I’ve worked on a couple of ‘innovative’ products and services, and I agree that the users (consumers, buyers, users) almost need to want to see the value and benefits before the ‘ah-ha’ moment kicks in. It also takes a lot of energy on the part of the innovators to keep pushing until their ideas become understood and appreciated.

    Looking forward to your next one.

    • James Gardner
      July 12, 2011 at 2:07 pm #

      Thank you very much for writing! it does seem as if we have similar experiences with this particular topic. For me, discovering I wasn’t as innovative as I thought when confronted by stuff that was actually pretty innovative was pretty eye-opening.

  2. July 12, 2011 at 1:01 pm #

    nice set of reflections James

    • James Gardner
      July 12, 2011 at 2:08 pm #


  3. Sean Kain
    July 13, 2011 at 8:48 am #

    James – sounds like you shared an experience that the first listeners of Stravinsky’s Rite of Spring had. I learnt about this from a Radiolab podcast At 28:40 they describe the physics of sound and then at 31:40 they relate this to the reaction of the first performance of that piece, but also how over time people became accustomed to it. Talks very much about how becoming accustomed to something makes us feel comfortable with it. Worth listening to.

    • James Gardner
      July 13, 2011 at 11:17 am #

      You know, it is interesting you bring that up: I was thinking during the performance I might start a riot too!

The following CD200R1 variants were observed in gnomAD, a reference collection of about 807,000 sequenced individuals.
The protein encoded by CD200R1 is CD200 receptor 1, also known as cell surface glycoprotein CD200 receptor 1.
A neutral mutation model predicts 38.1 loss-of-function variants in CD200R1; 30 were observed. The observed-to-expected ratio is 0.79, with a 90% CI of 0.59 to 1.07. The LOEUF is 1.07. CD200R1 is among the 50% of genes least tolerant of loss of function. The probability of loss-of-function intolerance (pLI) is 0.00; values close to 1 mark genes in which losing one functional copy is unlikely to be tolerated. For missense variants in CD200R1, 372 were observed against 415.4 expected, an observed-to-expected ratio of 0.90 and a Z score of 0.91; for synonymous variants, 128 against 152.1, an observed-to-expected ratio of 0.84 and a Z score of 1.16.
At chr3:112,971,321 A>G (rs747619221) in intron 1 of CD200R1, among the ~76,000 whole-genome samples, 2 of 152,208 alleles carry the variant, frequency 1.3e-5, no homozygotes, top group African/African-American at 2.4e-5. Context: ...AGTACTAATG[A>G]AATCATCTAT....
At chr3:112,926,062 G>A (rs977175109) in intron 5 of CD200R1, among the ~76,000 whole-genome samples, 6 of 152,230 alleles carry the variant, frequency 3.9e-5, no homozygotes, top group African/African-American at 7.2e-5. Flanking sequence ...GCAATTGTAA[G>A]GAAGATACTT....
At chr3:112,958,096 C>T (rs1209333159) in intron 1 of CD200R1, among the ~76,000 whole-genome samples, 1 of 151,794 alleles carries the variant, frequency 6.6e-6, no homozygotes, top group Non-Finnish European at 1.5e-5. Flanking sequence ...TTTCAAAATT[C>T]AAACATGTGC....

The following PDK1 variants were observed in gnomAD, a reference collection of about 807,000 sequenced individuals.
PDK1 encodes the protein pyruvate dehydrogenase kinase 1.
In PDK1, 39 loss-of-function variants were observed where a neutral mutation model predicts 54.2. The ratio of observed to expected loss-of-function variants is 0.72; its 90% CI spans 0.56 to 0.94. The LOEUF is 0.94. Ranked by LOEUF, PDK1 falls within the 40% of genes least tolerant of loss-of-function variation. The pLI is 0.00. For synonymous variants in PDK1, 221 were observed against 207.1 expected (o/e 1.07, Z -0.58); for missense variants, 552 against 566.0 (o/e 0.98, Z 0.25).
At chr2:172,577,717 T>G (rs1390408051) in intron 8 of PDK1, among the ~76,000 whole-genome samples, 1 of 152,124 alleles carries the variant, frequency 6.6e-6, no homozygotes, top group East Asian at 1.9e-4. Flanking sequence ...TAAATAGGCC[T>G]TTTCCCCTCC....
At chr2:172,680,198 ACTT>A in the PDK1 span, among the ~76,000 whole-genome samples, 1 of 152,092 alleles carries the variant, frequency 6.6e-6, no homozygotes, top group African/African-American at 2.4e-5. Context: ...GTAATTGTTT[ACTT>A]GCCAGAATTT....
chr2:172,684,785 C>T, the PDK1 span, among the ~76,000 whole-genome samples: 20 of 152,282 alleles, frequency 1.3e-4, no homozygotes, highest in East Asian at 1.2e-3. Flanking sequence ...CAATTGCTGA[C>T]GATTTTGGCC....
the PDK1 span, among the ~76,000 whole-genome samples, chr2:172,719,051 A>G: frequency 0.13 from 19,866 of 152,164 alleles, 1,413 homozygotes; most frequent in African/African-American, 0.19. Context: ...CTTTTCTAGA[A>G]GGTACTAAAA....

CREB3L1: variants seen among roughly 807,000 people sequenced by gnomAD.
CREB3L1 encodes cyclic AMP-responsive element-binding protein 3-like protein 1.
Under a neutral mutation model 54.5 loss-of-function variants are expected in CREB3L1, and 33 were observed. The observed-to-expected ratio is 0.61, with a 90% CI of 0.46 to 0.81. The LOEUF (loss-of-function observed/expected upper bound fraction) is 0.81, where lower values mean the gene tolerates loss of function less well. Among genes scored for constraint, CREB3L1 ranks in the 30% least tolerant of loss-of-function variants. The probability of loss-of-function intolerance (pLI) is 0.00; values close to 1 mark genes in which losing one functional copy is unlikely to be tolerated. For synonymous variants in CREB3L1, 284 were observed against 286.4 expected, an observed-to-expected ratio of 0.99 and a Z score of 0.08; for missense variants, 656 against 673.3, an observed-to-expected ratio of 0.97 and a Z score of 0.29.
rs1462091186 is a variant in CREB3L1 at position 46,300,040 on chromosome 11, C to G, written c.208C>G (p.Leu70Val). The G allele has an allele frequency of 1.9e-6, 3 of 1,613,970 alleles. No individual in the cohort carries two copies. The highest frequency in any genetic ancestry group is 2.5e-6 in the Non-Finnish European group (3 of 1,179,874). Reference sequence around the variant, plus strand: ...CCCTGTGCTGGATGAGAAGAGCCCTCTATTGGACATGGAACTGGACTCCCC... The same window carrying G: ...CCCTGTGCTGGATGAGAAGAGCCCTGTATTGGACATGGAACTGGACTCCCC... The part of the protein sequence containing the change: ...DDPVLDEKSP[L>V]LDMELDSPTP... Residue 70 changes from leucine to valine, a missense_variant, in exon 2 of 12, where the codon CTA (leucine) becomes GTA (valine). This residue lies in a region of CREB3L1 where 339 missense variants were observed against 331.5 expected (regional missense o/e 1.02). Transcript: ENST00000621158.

4. July 13, 2011 at 8:37 pm #

    James, lovely piece of writing and is similar to something that I have experienced recently myself.

    I was in London with a few hours spare, and took a trip to the Tate Modern. I wanted to go to see some art to give my creativity a boost.

    I saw that they were exhibiting Miro, something that I had heard of but not sure why. At first glance, Miros’ work appeared random, and not discript. However, as I got more into the exhibition, I started experience stirrings that led me to understand the Genius that had been at work.

    This surreal art was inspiring, and really was ‘out of the box’.

    I was wondering when I left how many other things we look at in life with the same initial misunderstandings that we do not give a chance to develop to experience the true genius that really is there and is trying to show itself.

    • James Gardner
      July 14, 2011 at 6:36 am #

      Ah the Tate Modern! That is indeed a good metaphor for the challenge facing the corporate innovator. I’ve been there myself, and left dissatisfied. You have prompted me to go back.

  5. July 13, 2011 at 8:51 pm #

    Great post – reminds me that, as consumers, we are largely creatures of habit. Check my post about AC DC out and compare it with my post on Prince. In the rock world, AC DC give the audience what they want whereas Prince challenges them to accept the unexpected. This has consequences for followership imho:

    AC DC on sticking to the knitting

    Prince on innovation

    Peter Cook

    Author ‘Sex, Leadership and Rock’n’Roll’ and ‘Best Practice Creativity’


  1. How Can We Break Out of Our Thinking Ruts? « Innovation Leadership Network - July 13, 2011

    […] building? It might be. Jeffrey’s post is building on another excellent post by James Gardner, thinking about innovation in classical music. He watched a string quartet perform a modern composition, which initially he didn’t like. […]